No Chariot Let Down: Charleston's Free People of Color on the Eve of the Civil War

No Chariot Let Down: Charleston's Free People of Color on the Eve of the Civil War

No Chariot Let Down: Charleston's Free People of Color on the Eve of the Civil War

No Chariot Let Down: Charleston's Free People of Color on the Eve of the Civil War

Synopsis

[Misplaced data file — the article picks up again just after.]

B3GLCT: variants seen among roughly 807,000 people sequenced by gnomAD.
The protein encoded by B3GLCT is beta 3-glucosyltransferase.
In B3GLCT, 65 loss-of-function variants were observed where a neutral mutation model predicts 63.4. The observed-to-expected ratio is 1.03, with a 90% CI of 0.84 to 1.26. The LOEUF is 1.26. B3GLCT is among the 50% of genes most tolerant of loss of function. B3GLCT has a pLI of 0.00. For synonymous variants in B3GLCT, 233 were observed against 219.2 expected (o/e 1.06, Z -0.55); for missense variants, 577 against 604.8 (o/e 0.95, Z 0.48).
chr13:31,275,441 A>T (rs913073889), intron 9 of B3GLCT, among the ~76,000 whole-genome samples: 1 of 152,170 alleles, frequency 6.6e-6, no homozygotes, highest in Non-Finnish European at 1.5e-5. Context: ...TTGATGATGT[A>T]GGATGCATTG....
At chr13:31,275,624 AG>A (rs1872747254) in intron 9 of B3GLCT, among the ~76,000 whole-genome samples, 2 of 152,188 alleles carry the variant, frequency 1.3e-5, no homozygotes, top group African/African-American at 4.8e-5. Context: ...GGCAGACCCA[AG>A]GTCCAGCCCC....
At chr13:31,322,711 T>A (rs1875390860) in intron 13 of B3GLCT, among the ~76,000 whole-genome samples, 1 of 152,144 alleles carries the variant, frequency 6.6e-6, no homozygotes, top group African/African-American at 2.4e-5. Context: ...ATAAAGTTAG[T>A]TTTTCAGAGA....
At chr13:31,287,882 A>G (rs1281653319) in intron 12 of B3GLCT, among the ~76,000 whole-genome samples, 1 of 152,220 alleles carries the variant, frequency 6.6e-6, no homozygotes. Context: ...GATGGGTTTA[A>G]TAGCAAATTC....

These thirty-four letters, written by members of the William Ellison family, comprise the only sustained correspondence by a free Afro-American family in the late antebellum South. Born a slave, Ellison was freed in 1816, set up a cotton gin business, and by his death in 1861, he owned sixty-three slaves and was the wealthiest free black in South Carolina. Although the early letters are indistinguishable from those of white contemporaries, the later correspondence is preoccupied with proof of their free status.
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